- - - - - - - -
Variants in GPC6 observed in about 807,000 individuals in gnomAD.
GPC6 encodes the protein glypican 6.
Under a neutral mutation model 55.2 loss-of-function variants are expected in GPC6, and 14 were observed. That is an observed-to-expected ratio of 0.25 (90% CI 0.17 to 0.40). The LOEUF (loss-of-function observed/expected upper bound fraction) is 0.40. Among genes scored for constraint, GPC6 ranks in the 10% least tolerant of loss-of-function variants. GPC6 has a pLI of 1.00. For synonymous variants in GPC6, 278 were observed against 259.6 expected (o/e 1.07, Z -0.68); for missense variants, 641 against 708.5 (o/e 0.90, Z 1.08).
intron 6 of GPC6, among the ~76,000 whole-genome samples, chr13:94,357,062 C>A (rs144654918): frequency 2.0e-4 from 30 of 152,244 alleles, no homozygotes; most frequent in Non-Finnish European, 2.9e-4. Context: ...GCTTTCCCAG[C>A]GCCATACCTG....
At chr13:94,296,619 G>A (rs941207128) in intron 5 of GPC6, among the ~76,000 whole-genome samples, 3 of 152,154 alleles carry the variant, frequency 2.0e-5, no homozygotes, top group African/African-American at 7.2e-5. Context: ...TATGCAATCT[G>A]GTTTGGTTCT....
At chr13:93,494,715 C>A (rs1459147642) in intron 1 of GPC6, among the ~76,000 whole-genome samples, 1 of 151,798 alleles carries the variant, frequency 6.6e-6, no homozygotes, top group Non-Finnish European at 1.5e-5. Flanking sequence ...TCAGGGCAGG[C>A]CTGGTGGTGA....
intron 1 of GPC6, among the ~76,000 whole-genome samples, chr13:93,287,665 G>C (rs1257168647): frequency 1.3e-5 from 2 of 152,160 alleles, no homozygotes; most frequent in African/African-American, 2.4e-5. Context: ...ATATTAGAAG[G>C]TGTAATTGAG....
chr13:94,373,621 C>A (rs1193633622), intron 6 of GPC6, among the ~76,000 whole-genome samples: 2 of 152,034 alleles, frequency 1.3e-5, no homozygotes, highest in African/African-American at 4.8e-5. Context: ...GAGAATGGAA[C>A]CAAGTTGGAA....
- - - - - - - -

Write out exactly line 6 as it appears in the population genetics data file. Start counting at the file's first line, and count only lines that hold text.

At chr13:93,494,715 C>A (rs1459147642) in intron 1 of GPC6, among the ~76,000 whole-genome samples, 1 of 151,798 alleles carries the variant, frequency 6.6e-6, no homozygotes, top group Non-Finnish European at 1.5e-5. Flanking sequence ...TCAGGGCAGG[C>A]CTGGTGGTGA....